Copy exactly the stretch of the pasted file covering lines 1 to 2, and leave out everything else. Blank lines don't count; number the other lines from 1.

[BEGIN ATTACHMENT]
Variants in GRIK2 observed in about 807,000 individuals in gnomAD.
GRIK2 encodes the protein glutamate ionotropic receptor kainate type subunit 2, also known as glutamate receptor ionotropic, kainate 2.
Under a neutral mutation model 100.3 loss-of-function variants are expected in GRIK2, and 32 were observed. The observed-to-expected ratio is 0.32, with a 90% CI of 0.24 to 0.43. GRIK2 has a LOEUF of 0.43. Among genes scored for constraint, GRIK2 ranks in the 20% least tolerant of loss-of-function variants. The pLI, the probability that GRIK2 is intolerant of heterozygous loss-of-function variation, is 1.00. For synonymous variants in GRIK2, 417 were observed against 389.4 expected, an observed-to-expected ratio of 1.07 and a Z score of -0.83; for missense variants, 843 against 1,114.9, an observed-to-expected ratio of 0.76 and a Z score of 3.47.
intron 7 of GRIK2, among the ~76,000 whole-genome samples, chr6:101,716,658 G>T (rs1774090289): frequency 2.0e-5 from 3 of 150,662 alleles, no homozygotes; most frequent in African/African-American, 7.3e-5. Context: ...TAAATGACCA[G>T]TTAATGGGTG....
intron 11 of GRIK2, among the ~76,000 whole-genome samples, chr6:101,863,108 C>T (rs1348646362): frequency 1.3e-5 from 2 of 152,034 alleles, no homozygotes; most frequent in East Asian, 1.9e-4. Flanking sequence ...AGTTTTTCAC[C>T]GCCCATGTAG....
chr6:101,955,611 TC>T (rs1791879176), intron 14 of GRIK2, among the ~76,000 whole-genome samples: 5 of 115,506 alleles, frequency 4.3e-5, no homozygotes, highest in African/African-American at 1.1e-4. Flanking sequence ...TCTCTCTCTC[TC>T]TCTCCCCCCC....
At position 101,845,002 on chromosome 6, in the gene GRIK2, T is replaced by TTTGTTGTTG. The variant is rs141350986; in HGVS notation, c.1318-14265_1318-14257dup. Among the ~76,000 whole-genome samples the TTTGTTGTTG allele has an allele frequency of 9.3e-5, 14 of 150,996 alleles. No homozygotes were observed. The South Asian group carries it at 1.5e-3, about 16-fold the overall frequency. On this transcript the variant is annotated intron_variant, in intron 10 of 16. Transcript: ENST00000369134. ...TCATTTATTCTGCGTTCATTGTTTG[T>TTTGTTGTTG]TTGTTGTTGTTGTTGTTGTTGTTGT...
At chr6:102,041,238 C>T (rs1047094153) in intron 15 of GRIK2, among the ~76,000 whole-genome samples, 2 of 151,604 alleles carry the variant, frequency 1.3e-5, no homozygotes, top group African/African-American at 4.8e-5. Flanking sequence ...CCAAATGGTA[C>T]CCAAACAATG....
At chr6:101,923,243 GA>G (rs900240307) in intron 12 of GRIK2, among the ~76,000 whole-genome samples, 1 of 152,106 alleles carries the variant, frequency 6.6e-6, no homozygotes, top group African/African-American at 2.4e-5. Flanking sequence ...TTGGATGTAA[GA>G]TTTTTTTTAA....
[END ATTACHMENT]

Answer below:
Variants in GRIK2 observed in about 807,000 individuals in gnomAD.
GRIK2 encodes the protein glutamate ionotropic receptor kainate type subunit 2, also known as glutamate receptor ionotropic, kainate 2.